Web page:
Top Stories security centre
- How To Lock Down Your Facebook Privacy Now That Graph Search Is Here
- Is LinkedIn The Creepiest Social Network?
- Ultimate (Free) Virus Protection Guide
- Meet The Symbiote: The Ironclad, Adaptable Future Of Antivirus Protection
- A Year After SOPA: These Are The Next Five Battles For Internet Freedom
- Cyber-Espionage Platform Red October Is Already Pulling Its Tendrils Back Into The Dark
Lunch Time Deals
When you’re buying your lunch today, you might want to take a moment and spend a little more.
Under The Hood
Thinking about an upgrade? Under The Hood tells you what's new this week in PC tech.
Tired of walking? Future Movers is our roundup of the week's biggest news in powered transport.
This week on Fitmodo, bagpipes, LSD and Apple Health.
Gizmodo Movie Night
It's almost the weekend, and that means you should book in another Gizmodo movie night.
This week on Fitmodo: the real Paleo diet, Aussie vax rates up and more!
Puffin Browser for Android, ProCam 3 for iOS and more!
This week on Fitmodo: does dental floss work, millennials having less sex, and more!
Star Walk 2 for Android, Leaping Tiger for iOS and more!
Noctum Iconpack for Android, Hypelight for iOS and more!
For as ubiquitous as connectivity has become and how reliant we’ve grown on it, the internet is still a digital jungle where hackers easily steal sensitive information from the ill-equipped and where the iron-fisted tactics of totalitarian regimes bent on controlling what their subjects can access are common. So instead of mucking around in public networks, just avoid them. Use a VPN instead.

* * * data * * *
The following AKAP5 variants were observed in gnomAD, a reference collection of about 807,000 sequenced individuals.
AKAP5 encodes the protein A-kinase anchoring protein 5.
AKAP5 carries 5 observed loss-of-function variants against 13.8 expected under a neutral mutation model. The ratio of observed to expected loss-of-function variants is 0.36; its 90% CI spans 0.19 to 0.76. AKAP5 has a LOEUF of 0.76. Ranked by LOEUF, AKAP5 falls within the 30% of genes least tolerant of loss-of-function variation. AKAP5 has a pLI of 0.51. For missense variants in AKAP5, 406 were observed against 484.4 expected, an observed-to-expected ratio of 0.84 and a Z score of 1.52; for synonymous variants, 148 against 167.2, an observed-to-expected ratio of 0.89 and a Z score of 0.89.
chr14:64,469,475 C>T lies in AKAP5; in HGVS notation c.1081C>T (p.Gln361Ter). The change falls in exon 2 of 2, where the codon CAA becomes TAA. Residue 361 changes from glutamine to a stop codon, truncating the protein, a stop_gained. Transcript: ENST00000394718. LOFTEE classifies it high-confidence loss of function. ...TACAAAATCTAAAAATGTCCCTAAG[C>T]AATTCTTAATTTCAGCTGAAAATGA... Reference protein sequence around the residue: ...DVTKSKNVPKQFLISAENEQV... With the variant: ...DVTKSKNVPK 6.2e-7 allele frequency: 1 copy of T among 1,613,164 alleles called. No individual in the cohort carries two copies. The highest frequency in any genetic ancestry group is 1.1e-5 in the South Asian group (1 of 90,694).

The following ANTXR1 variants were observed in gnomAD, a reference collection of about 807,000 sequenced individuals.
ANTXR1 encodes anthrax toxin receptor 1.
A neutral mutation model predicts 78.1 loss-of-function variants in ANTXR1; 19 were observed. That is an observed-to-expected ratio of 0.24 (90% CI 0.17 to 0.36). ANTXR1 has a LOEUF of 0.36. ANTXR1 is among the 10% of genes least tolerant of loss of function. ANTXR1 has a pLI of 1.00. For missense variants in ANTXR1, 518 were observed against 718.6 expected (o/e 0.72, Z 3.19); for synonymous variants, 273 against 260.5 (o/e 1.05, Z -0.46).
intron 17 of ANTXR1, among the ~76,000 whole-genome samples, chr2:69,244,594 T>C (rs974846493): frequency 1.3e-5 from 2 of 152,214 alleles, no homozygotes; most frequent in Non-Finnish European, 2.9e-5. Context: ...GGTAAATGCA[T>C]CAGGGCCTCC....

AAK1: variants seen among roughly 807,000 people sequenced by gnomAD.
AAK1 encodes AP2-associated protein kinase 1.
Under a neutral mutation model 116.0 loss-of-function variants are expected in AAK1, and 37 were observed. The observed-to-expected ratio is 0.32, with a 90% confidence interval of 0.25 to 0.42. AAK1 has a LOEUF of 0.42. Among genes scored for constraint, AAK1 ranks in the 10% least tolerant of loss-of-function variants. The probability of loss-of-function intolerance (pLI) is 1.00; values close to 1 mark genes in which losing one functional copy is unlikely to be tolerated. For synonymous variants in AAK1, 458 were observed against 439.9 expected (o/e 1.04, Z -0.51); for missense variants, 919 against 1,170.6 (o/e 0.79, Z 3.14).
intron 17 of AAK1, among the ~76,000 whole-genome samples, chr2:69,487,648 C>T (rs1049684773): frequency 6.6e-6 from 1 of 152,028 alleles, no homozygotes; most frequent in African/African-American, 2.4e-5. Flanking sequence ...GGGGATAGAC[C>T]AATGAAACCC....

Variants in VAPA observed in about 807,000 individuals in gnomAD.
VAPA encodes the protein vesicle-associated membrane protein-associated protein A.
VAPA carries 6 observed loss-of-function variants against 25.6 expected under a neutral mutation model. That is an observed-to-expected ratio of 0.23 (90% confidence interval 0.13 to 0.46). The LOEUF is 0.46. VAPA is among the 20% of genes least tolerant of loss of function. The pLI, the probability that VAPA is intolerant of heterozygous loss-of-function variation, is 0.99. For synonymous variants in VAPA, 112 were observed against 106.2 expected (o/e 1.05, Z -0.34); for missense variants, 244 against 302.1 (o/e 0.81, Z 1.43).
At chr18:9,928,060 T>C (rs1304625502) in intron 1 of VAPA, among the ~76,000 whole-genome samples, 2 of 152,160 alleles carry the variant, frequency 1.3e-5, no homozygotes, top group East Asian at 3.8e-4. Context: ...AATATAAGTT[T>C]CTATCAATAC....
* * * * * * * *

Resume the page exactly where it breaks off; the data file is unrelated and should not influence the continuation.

Remember when Anonymous threatened to destroy the entire internet? We laughed and ultimately their words were just hacker hubris. But it got us thinking — could someone actually destroy the internet?
The bug that allowed fake chargers to hack your iPhone has finally been fixed by Apple. Good! But you won’t get the software fix until iOS 7. Apple was alerted of the security hole earlier this year and the hack was demonstrated at the Black Hat hacking convention on Wednesday.
The connected house you can control from the internet or your smartphone? They might be called a smart homes, but some of them have some very dumb vulnerabilities. In fact, some of the houses made smart by a company called Insteon were insecure enough that a Forbes reporter could hack them from the comfort of her living room.
Apple revealed late yesterday that its Developer Center had been forced out of action by “an intruder”. But a researcher has provided evidence to confirm that the downtime was a result of his identification of a security vulnerability.
On Friday, the secret court that oversees cases related to the Foreign Intelligence Surveillance Act renewed the order that enables the NSA to compel American telcos to hand over records whenever it wants. Translation: No end in sight to the NSA spying on phone records.